[1] http://www.amazon.com/Patterns-Network-Architecture-Fundamen...


Some form of content-centric networking ( http://en.wikipedia.org/wiki/Content_centric_networking ) would be good to help up publishing and broadcasting over the internet, and eliminate the slashdot effect / reddit hug of death.


I wasn't familiar with the term, but that looks terrifying from a net neutrality standpoint. Deep packet inspection wouldn't even be needed to sort traffic, no?

Also, making the network content-aware to a greater degree gives me nightmares of bloated XML / WS-I style schemas making their way into core specs.

That said, your points are a definite need with the size of the modern network (and the order of magnitude difference in traffic spikes). Imho, it'd be great to have a more formalized caching system, whereby the server could tag content as recommended-cache (core page content) or not (comment threads) & invalidate asynchronously if it became necessary.

I'd be interested to see what we could do with SSDs / future technology with feasible latencies to assemble such a system.

Hypothetically, there's no reason it couldn't be incentivized via a peering-style agreement: e.g. I cached and served X amount of traffic that you didn't have to, therefore you'll pay me Y% of the cost of you serving that traffic yourself (where Y < 100% & it still makes sense for both parties).


So much was got right the first time round, that I would assume we would fail whale if we tried to redo it - in the end the internet was amenable to evolution - and that is how it should proceed, from where it is now.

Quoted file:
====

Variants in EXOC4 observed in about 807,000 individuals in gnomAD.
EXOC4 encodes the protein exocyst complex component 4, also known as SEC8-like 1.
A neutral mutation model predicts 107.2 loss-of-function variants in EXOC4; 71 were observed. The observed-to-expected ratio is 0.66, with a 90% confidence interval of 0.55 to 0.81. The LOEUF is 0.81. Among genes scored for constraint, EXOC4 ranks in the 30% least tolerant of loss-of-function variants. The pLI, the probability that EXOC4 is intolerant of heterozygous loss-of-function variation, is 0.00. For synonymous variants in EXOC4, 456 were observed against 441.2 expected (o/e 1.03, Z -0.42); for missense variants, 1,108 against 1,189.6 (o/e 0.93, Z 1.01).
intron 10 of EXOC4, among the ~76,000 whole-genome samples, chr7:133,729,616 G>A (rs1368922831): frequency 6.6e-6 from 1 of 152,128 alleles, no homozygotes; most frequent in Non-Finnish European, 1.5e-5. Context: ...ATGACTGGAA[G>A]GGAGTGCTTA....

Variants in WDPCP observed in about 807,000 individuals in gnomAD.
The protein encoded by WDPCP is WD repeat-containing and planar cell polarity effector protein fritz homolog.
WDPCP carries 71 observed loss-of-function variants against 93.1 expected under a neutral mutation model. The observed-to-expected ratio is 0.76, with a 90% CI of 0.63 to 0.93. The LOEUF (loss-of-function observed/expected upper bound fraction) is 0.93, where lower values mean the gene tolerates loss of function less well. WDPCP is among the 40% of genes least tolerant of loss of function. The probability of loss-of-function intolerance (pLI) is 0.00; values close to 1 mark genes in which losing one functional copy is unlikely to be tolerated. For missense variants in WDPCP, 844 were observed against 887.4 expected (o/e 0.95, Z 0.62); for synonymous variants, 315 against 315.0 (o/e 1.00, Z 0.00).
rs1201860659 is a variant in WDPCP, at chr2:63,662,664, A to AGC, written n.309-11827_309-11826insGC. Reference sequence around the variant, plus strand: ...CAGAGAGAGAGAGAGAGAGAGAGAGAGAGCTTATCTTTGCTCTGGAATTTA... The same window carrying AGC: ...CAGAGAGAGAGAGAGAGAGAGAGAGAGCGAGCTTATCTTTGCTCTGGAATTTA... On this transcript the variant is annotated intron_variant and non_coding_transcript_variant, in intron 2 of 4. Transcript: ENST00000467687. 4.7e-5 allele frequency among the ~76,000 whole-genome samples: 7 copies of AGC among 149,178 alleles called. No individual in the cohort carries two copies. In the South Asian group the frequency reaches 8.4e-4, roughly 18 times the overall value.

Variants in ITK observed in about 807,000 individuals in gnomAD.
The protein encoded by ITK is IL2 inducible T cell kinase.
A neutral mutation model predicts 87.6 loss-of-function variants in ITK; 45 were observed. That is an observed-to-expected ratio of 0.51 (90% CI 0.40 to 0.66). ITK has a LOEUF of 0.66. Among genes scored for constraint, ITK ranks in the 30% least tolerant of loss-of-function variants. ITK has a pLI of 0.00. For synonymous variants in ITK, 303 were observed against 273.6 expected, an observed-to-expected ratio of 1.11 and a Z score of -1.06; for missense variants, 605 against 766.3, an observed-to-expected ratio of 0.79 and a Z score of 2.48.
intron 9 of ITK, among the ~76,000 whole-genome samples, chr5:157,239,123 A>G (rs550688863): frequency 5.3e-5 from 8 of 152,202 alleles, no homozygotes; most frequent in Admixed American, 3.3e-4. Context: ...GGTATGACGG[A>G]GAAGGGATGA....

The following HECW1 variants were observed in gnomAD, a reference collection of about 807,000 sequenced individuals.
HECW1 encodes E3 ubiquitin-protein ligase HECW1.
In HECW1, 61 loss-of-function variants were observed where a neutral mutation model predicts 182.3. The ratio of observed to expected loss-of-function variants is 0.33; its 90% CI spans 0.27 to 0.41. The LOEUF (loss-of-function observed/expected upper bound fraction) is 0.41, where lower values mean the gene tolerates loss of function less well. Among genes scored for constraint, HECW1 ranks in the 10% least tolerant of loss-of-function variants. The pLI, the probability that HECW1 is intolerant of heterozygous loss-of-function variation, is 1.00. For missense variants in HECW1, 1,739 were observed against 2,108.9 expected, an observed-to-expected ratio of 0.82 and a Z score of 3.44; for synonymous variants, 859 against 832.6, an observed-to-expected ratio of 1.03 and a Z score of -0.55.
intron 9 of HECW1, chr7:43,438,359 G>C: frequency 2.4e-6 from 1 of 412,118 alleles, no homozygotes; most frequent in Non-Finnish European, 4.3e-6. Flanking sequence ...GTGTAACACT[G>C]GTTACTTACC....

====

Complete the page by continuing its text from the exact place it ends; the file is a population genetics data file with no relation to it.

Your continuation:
I know it's now in the spirit of your question - but everyone else seems to have answered those well (DNS, https, routing at AN)


Not sure about web vs internet, but content-addressable sounds like it could potentially be a big win. Particularly if you factor in encryption, it would be pretty great if static assets + signatures could be more easily + globally cached, while encrypted personal content could go in separate packets closer to what we currently do.


- the URL notation <proto>://<bla> should loose the //

- changing the IP address or having other temporary interruptions (e.g. train in tunnel) should not force me to re-open all my SSH sessions

I have no idea what that means from a technical POV though.


Tim Berners-Lee says the double slashes was a mistake and should have been left out. http://www.dailymail.co.uk/sciencetech/article-1220286/Sir-T...


But the // is useful.

http://stackoverflow.com/a/2216721


Yes thats a good point, protocol-relative links are useful, but IMHO they don't necessarily depend on the "//". If URLs would look like "http:google.com/bla", a different syntax would have been invented instead, e.g. ":google.com/bla".


ssh should handle temporary interruptions today but for changing ip addresses, check out mosh! https://mosh.mit.edu/


And thus you earned my highly prized "Todays Most Valuable Posting" badge. Do you have any experience with it? Gotchas, potential security issues etc?


Mosh is great, seriously. It just works, of course not nearly as battle tested as SSH but it practically works very well.